“Tobacco use, in particular cigarette smoking, is the main risk factor for cancer death in Europe.”
Every year, three million people in Europe develop cancer, with the disease being the second leading cause of death across the continent. “Europe’s beating cancer plan aims to reduce the cancer burden for patients, their families and health systems. It will address cancer related inequalities between and within Member States with actions to support, coordinate and complement Member States’ efforts.”
Nowadays, it is of course widely accepted that smoking is one of the main causes of cancer, with approximately 90% of lung cancers alone able to be prevented by eliminating tobacco use. In fact, Sweden, which boasts the lowest smoking rates in Europe due to the local widespread use of snus as an alternative to cigarettes, also has the lowest rates of lung cancer across the continent.
To this effect, Prof. Dr. Heino Stöver from the Institute for Addiction Research at the Frankfurt University of Applied Sciences, together with a number of renowned scientists and medical experts, have conducted an extensive study on tobacco consumption & harm reduction in Germany.
Amongst other things, the resulting paper discussed the local status quo and listed data with regards to local tobacco harm reduction perceptions. The researchers found that sadly the current level of German consumers with regards to safer alternatives leaves much to be desired.
“..we discussed the status quo in Germany and found that the current level of knowledge of consumers about less harmful alternatives to tobacco (for example e-cigarettes, tobacco heaters, tobacco-free nicotine products) is insufficient – especially among smokers. In addition, we have addressed widespread misunderstandings, such as that long-term consequences are currently not foreseeable or that e-cigarettes are an entry point for young people and non-smokers,” said Prof. Dr. Heino Stöver in an email.
No worrying teen vaping trends observed in Germany
“The available research results indicate no increase amongst the youth and non-smokers and show that, according to current risk assessment, e-cigarettes are less harmful than continued smoking.”
In line with arguments by countless other experts in the field (and contrary to sensationalist media reports from the US), the Professor pointed out that research indicates no worrying vaping trends amongst teens and non-smokers.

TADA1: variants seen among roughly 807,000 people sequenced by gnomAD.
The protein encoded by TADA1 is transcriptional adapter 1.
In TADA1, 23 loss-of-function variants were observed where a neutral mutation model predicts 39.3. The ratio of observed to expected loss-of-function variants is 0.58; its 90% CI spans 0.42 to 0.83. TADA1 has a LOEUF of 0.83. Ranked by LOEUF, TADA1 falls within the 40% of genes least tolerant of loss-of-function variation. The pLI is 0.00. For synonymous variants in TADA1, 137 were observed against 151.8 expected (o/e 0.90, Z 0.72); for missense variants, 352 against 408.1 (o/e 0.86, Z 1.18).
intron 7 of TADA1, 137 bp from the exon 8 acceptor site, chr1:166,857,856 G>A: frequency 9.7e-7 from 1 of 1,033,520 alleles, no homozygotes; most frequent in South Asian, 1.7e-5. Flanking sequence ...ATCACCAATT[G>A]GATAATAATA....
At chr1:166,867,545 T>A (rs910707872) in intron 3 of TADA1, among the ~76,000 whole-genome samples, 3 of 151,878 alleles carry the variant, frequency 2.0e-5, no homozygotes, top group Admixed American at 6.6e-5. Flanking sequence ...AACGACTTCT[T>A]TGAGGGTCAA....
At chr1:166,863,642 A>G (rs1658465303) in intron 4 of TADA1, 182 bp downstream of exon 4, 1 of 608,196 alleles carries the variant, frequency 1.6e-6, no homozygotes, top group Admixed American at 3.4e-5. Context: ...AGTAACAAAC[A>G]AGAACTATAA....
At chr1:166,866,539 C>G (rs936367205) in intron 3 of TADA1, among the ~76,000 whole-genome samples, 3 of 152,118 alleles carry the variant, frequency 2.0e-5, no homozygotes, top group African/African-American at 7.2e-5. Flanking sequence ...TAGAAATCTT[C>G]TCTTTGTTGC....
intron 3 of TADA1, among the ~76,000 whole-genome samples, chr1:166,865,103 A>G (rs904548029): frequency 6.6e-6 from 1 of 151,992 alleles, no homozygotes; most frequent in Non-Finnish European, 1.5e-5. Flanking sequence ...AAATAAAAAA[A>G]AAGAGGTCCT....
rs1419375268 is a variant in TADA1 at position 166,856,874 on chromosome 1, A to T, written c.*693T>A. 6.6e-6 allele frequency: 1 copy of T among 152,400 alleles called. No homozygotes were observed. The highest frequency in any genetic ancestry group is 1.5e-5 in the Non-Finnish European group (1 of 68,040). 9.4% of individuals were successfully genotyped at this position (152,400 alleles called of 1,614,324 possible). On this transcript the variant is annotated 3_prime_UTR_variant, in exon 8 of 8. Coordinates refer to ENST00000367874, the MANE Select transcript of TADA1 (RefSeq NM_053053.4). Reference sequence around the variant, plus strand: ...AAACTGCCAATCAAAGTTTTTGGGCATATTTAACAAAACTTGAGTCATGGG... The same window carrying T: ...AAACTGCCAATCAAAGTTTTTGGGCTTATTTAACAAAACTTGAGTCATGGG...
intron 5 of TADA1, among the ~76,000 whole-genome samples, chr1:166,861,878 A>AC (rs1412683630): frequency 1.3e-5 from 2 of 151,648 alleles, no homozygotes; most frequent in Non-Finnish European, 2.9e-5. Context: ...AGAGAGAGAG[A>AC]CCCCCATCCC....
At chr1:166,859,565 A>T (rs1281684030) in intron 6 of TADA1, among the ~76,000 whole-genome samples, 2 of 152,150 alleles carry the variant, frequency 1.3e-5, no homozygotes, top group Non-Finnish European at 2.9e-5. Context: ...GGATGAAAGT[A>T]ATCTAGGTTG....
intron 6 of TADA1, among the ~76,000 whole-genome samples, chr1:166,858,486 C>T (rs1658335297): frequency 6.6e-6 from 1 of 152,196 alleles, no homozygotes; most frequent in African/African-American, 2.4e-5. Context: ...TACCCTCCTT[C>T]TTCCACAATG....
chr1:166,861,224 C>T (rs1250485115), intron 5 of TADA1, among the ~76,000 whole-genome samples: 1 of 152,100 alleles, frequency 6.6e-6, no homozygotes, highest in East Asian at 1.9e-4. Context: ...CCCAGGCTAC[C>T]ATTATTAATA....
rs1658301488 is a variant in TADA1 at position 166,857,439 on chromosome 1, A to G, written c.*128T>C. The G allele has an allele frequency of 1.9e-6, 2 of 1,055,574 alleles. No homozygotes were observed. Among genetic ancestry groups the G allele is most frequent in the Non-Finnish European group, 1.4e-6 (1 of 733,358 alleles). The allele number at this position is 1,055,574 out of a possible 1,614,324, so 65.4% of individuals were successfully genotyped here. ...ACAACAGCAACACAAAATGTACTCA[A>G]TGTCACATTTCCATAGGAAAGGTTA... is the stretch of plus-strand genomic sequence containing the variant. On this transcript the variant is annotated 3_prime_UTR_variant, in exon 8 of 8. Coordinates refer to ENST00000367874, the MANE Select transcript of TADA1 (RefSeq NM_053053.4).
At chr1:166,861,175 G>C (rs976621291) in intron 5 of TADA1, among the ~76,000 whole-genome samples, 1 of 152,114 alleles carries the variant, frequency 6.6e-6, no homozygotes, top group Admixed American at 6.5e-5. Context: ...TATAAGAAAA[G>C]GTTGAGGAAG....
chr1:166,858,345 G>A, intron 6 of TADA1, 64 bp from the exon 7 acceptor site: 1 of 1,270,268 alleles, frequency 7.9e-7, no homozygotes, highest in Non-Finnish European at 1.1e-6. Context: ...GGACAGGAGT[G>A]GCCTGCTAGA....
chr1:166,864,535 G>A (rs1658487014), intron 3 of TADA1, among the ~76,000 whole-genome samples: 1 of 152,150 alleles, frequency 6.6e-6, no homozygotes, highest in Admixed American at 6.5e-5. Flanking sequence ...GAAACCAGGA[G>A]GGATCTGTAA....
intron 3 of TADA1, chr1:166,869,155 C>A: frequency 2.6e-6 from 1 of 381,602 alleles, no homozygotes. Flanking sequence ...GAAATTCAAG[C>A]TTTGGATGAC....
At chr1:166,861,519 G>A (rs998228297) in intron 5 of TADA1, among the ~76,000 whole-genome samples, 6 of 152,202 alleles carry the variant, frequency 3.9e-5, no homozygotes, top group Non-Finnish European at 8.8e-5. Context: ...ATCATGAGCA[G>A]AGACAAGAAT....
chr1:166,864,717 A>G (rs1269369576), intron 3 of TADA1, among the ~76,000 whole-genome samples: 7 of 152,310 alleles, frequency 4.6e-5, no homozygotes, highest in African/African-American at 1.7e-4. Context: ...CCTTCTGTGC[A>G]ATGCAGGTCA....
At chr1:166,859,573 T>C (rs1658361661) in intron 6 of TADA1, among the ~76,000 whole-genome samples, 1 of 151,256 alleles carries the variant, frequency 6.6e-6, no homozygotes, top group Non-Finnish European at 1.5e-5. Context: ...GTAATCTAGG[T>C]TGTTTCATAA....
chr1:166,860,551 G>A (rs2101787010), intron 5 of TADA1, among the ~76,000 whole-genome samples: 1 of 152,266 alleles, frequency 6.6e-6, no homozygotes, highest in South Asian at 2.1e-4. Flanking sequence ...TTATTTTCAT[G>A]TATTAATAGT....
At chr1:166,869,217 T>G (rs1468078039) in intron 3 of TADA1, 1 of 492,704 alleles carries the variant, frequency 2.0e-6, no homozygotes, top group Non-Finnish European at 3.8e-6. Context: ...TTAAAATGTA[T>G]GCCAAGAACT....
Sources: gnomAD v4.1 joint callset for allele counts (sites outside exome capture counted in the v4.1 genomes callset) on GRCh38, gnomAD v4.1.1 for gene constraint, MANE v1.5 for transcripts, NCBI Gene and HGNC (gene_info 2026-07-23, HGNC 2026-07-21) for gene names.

“In addition, we have addressed widespread misunderstandings, such as that long-term consequences are currently not foreseeable or that e-cigarettes are an entry point for young people and non-smokers. The available research results indicate no increase amongst the youth and non-smokers and show that, according to current risk assessment, e-cigarettes are less harmful than continued smoking.”
The Professor and his colleagues said that it is regrettable that tobacco harm reduction is not given much acknowledgment despite the lives it could save. “It is with regret that we note that a harm reduction-strategy is currently not sufficiently taken into account in the debate. However, based on the information available, we think that harm reduction can play an important role in the fight against cancer as it has been shown to help prevent cancer. Therefore, we remain committed to promoting that harm reduction will be included in the European plan to fight cancer.”
Inputs of the Special Committee on Beating Cancer
Meanwhile, the Special Committee on Beating Cancer (BECA) has recently met for the second time, for an exchange of views with Health Commissioner Stella Kyriakides. It was once again emphasized that tobacco use, in the form of cigarette smoking is the main risk factor for cancer death within Europe.
As part of the Committee’s work, a draft document on Inputs of the Special Committee on Beating Cancer (BECA) to influence the future Europe’s Beating Cancer Plan was released by the Committee.
“Tobacco use, in particular cigarette smoking, is the main risk factor for cancer death in Europe. Various measures to fight against smoking appear heterogeneous and inconsistently implemented. Overall, the WHO Europe region is the global area with the highest tobacco consumption, with major discrepancies between Member States, as the proportion of smokers varies by a factor of up to 5 from one country to another,” reads an excerpt from the document.
The need for new tobacco harm reduction approaches
Director of the World Vapers’ Alliance (WVA), Michael Landl, said that it is time new tobacco harm reduction approaches are endorsed. “To succeed in its mission, the BECA committee and the European Parliament must be brave enough to endorse new approaches. Vapers across Europe are calling on policymakers to recognise the benefits of vaping, and its potential to massively reduce the harm of smoking. Policymakers cannot ignore the facts any longer.”
“We appreciate the commitment from MEP Mrs. Véronique Trillet-Lenoir and the entire Special Committee on Beating Cancer to fight smoking-related cancer. The Europe Beating Cancer Plan needs to endorse vaping as an effective tool to help smokers move to a safer alternative. That’ Back vaping, beat cancer!”